Gazette Drouot logo print
Lot n° 70

Kumi SUGAI (1919-1996) Urban landscape, 1954...

result :
Not available
Estimate :
Subscribers only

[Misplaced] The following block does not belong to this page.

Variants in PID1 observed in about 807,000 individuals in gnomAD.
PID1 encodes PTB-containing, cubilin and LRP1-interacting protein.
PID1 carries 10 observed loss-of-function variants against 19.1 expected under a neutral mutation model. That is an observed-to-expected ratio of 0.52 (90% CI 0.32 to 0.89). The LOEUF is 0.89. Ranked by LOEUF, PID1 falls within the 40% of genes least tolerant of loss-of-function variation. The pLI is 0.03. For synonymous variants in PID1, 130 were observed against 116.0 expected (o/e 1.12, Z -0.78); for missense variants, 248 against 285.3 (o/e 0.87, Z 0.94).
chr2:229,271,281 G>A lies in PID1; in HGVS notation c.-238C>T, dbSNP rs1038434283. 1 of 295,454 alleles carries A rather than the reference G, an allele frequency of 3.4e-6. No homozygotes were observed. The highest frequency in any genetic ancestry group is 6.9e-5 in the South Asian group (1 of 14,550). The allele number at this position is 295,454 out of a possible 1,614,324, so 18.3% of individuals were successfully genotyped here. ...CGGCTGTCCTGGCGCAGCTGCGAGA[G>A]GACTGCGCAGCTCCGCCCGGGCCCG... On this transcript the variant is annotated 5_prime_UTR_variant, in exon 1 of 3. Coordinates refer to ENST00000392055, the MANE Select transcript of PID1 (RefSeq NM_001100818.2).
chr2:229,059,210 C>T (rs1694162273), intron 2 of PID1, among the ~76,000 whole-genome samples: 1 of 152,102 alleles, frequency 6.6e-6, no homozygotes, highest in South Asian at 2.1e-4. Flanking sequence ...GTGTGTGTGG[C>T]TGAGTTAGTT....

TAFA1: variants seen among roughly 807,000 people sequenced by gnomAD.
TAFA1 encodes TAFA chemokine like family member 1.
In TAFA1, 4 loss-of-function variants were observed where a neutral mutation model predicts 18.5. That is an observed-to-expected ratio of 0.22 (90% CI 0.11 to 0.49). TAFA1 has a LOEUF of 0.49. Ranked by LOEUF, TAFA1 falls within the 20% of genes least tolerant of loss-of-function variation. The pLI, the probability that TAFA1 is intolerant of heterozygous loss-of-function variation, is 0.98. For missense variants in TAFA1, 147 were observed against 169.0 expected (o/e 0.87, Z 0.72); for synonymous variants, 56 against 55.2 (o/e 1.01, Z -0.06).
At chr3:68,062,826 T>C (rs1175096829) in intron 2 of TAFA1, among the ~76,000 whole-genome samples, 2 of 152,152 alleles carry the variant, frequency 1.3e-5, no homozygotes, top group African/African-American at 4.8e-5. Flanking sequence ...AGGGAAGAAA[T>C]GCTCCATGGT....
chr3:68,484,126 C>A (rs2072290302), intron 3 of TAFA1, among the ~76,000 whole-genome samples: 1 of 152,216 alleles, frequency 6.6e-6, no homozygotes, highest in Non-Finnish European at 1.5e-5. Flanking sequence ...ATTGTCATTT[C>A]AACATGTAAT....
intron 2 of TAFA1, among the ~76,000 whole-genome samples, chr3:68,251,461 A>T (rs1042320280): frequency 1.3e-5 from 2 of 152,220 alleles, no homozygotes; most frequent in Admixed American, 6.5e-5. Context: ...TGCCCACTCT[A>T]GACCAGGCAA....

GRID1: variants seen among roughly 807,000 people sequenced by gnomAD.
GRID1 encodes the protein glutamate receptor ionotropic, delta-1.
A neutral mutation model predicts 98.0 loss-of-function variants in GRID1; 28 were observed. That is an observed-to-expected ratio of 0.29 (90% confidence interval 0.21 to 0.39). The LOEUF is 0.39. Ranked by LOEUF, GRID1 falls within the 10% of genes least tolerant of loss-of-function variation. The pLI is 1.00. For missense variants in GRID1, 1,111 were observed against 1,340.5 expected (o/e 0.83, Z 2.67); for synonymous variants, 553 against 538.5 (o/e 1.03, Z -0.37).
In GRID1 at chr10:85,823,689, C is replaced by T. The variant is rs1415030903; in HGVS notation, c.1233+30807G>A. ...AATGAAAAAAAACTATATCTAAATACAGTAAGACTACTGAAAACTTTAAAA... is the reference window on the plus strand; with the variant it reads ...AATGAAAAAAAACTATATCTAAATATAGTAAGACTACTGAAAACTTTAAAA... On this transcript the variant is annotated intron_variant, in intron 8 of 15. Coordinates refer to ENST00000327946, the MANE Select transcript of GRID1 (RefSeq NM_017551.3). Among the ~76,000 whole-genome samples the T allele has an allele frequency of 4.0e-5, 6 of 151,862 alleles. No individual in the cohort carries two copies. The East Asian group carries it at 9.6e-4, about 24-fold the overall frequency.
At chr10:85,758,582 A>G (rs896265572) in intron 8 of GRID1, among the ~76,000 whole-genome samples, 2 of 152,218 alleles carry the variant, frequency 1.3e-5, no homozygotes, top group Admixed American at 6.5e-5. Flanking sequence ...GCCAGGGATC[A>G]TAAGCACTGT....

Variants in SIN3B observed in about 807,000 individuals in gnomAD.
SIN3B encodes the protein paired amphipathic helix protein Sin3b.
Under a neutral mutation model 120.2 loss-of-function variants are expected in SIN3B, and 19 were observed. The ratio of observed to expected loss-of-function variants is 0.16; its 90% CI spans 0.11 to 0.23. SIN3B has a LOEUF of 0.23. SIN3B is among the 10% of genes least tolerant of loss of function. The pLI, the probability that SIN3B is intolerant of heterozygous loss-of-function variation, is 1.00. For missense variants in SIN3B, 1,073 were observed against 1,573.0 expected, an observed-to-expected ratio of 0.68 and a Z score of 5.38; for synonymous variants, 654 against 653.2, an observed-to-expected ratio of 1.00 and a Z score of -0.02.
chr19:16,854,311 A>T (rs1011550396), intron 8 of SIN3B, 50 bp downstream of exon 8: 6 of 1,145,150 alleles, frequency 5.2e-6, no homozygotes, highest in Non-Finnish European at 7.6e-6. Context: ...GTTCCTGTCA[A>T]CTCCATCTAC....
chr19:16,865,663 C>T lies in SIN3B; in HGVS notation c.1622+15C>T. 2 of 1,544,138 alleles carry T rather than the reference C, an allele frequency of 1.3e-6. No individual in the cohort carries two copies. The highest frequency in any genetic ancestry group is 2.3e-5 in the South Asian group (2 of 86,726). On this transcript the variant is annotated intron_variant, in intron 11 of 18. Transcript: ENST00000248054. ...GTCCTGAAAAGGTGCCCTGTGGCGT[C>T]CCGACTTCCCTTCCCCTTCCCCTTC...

Kumi SUGAI (1919-1996) Urban landscape, 1954 Oil on canvas signed lower right. Signed twice and dated on the back. 29.5 x 29.5 cm Exhibition: Kumi Sugaï, Paris, Galerie Craven, 1954 (Gallery stamp on back). Theoretically integrated into the "very young School of Paris" by Michel Ragon in 1954, and attached to Franco-French movements like many other artists of the time, Kumi Sugaï's work nevertheless responds to very personal criteria and is of a rare inventiveness. Influenced from an early age by Japanese prints and the lyricism that accompanies them, Sugaï left his native Japan to settle in Paris in 1953. He soon became part of the artistic circle of the time, and his first group show - organized by John Craven - took place from October 1 to 29, 1953, in tribute to Francis Picabia (who died a month later after a long illness). On this occasion, Sugaï presented L'Oiseau, a figurative and already abstract painting of a bird that made up his bestiary from 1953 to 1954. Only a year later, and as the critic Jean-Clarence Lambert - author of the artist's first monograph - points out, this group show opened the door to his first solo exhibition. In 1954. Again at John Craven's, where our painting will be exhibited. At this exhibition, the artist met Jean-Clarence Lambert and André-Pieyre de Mandiargues. They were immediately intrigued and convinced of the young Japanese artist's potential. Roger Van Gindertael, another Belgian art critic, saw in Sugaï's work a clear influence of Paul Klee. At first glance, our canvas may seem to be an obvious example of abstract expressionism. However, it is to the figurative period of the artist's Landscapes that this canvas should be linked. The urban scenes that make up these landscapes are, as Paul Klee put it, "abstract images with memories", organized in the manner of a Japanese garden. A native of Kobe, the artist integrated his personal history and chose the city as his subject of inspiration, at the expense of the countryside, which he found boring. Mandiargues would describe these paintings as "city-landscapes, mixing the vertical with the (predominantly) horizontal point of view". Floating, off-the-ground landscapes, then, perhaps in continuity with those famous images of a floating world (ukiyo-e) so beloved of the Goncourt brothers.